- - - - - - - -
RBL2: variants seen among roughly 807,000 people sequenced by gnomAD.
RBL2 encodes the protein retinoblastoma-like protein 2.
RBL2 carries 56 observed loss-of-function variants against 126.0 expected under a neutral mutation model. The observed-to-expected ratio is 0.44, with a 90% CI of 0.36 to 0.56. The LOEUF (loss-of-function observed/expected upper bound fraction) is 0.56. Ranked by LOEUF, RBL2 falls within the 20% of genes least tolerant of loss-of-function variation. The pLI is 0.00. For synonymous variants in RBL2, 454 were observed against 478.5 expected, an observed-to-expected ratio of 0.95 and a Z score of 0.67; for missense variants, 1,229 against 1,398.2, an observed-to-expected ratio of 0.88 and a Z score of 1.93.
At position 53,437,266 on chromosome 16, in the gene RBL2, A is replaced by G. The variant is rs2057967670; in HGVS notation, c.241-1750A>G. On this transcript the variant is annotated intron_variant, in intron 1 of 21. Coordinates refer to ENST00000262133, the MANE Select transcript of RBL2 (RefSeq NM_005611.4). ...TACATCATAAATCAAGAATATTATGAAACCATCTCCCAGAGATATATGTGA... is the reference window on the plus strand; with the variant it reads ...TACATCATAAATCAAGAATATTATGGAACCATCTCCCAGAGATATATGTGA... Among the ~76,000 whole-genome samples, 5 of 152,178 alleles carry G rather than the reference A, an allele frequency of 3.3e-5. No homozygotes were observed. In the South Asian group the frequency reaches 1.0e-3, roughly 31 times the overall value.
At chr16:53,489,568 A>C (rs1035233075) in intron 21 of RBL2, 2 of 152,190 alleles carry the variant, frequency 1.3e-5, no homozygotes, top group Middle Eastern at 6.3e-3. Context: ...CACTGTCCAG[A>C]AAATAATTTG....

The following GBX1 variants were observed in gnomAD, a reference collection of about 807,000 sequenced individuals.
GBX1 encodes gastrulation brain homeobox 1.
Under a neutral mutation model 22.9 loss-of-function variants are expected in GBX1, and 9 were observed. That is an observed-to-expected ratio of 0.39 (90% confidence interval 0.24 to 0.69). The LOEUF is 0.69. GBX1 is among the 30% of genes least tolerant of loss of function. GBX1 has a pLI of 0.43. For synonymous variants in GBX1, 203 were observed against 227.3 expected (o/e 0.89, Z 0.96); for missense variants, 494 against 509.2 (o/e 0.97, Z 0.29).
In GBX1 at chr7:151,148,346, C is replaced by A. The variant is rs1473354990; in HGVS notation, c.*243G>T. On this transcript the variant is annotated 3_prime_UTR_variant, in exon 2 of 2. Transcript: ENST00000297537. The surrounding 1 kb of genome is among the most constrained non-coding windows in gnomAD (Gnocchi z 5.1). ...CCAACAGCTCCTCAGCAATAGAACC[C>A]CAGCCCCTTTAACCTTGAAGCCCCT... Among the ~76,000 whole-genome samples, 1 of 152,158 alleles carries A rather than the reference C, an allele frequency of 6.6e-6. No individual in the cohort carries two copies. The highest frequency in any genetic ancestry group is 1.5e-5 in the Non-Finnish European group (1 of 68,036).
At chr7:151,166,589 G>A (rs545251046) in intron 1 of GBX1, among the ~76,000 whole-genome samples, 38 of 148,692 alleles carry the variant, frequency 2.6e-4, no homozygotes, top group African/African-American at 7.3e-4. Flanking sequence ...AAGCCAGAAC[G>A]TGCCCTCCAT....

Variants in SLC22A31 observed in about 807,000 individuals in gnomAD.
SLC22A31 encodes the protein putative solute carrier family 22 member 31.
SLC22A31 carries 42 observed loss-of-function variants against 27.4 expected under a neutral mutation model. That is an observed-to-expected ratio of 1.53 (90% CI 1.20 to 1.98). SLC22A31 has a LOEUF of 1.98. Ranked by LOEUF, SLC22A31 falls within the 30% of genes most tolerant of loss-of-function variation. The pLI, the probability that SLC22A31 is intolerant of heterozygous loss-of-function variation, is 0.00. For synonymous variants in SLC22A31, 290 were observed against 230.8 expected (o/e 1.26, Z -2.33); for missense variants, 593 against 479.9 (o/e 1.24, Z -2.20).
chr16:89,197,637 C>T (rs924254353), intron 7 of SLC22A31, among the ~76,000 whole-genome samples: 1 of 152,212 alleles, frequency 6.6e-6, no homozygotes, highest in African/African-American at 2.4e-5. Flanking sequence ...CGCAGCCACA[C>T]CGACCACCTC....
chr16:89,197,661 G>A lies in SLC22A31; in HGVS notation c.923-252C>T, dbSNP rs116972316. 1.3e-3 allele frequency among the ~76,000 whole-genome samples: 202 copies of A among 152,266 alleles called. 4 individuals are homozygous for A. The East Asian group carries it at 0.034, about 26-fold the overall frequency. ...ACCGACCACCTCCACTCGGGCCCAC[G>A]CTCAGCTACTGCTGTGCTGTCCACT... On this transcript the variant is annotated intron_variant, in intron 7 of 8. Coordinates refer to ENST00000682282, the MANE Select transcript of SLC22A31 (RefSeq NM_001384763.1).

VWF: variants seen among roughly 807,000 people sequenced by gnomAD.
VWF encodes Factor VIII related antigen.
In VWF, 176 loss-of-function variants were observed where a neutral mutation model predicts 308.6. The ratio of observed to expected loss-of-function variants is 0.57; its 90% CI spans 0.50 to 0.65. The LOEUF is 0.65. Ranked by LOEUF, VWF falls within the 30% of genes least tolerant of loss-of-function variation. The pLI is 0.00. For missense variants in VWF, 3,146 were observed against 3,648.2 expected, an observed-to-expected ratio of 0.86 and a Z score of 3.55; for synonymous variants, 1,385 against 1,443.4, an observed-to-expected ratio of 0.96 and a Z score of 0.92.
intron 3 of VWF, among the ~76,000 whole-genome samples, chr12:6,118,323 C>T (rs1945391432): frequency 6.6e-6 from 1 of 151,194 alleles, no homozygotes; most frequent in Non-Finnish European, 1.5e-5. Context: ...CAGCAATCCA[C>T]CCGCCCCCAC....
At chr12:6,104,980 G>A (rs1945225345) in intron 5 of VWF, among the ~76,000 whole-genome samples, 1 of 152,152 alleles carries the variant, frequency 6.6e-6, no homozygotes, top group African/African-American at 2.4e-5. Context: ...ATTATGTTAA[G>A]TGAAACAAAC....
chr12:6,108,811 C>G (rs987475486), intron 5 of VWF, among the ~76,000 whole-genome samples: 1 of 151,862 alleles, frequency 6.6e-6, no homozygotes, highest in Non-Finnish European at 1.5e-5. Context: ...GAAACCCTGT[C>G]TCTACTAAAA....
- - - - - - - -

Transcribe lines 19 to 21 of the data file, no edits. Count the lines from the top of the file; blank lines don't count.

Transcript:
intron 3 of VWF, among the ~76,000 whole-genome samples, chr12:6,118,323 C>T (rs1945391432): frequency 6.6e-6 from 1 of 151,194 alleles, no homozygotes; most frequent in Non-Finnish European, 1.5e-5. Context: ...CAGCAATCCA[C>T]CCGCCCCCAC....
At chr12:6,104,980 G>A (rs1945225345) in intron 5 of VWF, among the ~76,000 whole-genome samples, 1 of 152,152 alleles carries the variant, frequency 6.6e-6, no homozygotes, top group African/African-American at 2.4e-5. Context: ...ATTATGTTAA[G>A]TGAAACAAAC....
chr12:6,108,811 C>G (rs987475486), intron 5 of VWF, among the ~76,000 whole-genome samples: 1 of 151,862 alleles, frequency 6.6e-6, no homozygotes, highest in Non-Finnish European at 1.5e-5. Context: ...GAAACCCTGT[C>G]TCTACTAAAA....